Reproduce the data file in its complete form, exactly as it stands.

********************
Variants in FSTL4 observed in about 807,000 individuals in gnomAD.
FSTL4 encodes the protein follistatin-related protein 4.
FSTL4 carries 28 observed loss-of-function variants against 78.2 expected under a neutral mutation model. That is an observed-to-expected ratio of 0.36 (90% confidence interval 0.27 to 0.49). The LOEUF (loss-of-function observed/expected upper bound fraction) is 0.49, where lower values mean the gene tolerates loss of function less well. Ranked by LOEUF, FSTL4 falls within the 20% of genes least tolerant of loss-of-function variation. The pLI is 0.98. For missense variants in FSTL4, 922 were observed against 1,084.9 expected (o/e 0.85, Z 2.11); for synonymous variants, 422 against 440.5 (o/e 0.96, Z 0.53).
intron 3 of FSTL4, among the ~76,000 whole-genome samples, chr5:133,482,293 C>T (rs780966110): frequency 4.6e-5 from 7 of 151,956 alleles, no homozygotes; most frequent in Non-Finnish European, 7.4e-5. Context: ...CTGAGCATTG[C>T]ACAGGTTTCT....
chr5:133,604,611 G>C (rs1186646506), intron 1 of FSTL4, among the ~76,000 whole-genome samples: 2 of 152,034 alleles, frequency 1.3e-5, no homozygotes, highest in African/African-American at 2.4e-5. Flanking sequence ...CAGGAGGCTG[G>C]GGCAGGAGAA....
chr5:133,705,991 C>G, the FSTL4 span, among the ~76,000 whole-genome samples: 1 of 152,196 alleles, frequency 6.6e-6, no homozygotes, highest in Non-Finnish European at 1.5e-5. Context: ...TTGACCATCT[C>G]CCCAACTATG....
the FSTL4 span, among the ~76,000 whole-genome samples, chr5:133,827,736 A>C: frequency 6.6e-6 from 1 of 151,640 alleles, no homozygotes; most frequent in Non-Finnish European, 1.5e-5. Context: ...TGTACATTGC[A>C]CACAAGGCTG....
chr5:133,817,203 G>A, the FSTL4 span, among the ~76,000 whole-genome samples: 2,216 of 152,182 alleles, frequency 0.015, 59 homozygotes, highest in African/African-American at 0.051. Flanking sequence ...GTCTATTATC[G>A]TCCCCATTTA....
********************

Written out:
Variants in FSTL4 observed in about 807,000 individuals in gnomAD.
FSTL4 encodes the protein follistatin-related protein 4.
FSTL4 carries 28 observed loss-of-function variants against 78.2 expected under a neutral mutation model. That is an observed-to-expected ratio of 0.36 (90% confidence interval 0.27 to 0.49). The LOEUF (loss-of-function observed/expected upper bound fraction) is 0.49, where lower values mean the gene tolerates loss of function less well. Ranked by LOEUF, FSTL4 falls within the 20% of genes least tolerant of loss-of-function variation. The pLI is 0.98. For missense variants in FSTL4, 922 were observed against 1,084.9 expected (o/e 0.85, Z 2.11); for synonymous variants, 422 against 440.5 (o/e 0.96, Z 0.53).
intron 3 of FSTL4, among the ~76,000 whole-genome samples, chr5:133,482,293 C>T (rs780966110): frequency 4.6e-5 from 7 of 151,956 alleles, no homozygotes; most frequent in Non-Finnish European, 7.4e-5. Context: ...CTGAGCATTG[C>T]ACAGGTTTCT....
chr5:133,604,611 G>C (rs1186646506), intron 1 of FSTL4, among the ~76,000 whole-genome samples: 2 of 152,034 alleles, frequency 1.3e-5, no homozygotes, highest in African/African-American at 2.4e-5. Flanking sequence ...CAGGAGGCTG[G>C]GGCAGGAGAA....
chr5:133,705,991 C>G, the FSTL4 span, among the ~76,000 whole-genome samples: 1 of 152,196 alleles, frequency 6.6e-6, no homozygotes, highest in Non-Finnish European at 1.5e-5. Context: ...TTGACCATCT[C>G]CCCAACTATG....
the FSTL4 span, among the ~76,000 whole-genome samples, chr5:133,827,736 A>C: frequency 6.6e-6 from 1 of 151,640 alleles, no homozygotes; most frequent in Non-Finnish European, 1.5e-5. Context: ...TGTACATTGC[A>C]CACAAGGCTG....
chr5:133,817,203 G>A, the FSTL4 span, among the ~76,000 whole-genome samples: 2,216 of 152,182 alleles, frequency 0.015, 59 homozygotes, highest in African/African-American at 0.051. Flanking sequence ...GTCTATTATC[G>A]TCCCCATTTA....